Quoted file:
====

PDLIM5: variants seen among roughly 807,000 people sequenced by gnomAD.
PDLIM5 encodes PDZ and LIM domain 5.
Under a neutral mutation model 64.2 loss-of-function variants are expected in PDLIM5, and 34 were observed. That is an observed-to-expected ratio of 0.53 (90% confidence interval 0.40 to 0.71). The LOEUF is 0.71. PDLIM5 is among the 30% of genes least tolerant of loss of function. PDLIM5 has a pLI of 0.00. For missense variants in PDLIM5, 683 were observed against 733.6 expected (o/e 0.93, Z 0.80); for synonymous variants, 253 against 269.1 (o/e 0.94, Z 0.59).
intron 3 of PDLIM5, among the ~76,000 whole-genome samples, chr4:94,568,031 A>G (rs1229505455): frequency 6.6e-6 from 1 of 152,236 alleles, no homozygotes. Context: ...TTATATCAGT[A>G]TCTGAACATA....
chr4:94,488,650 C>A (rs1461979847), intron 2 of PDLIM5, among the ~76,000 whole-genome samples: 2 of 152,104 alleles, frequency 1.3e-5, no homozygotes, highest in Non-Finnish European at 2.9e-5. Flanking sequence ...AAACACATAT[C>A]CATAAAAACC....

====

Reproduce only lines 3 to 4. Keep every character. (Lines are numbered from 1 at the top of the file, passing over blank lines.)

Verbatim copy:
Under a neutral mutation model 64.2 loss-of-function variants are expected in PDLIM5, and 34 were observed. That is an observed-to-expected ratio of 0.53 (90% confidence interval 0.40 to 0.71). The LOEUF is 0.71. PDLIM5 is among the 30% of genes least tolerant of loss of function. PDLIM5 has a pLI of 0.00. For missense variants in PDLIM5, 683 were observed against 733.6 expected (o/e 0.93, Z 0.80); for synonymous variants, 253 against 269.1 (o/e 0.94, Z 0.59).
intron 3 of PDLIM5, among the ~76,000 whole-genome samples, chr4:94,568,031 A>G (rs1229505455): frequency 6.6e-6 from 1 of 152,236 alleles, no homozygotes. Context: ...TTATATCAGT[A>G]TCTGAACATA....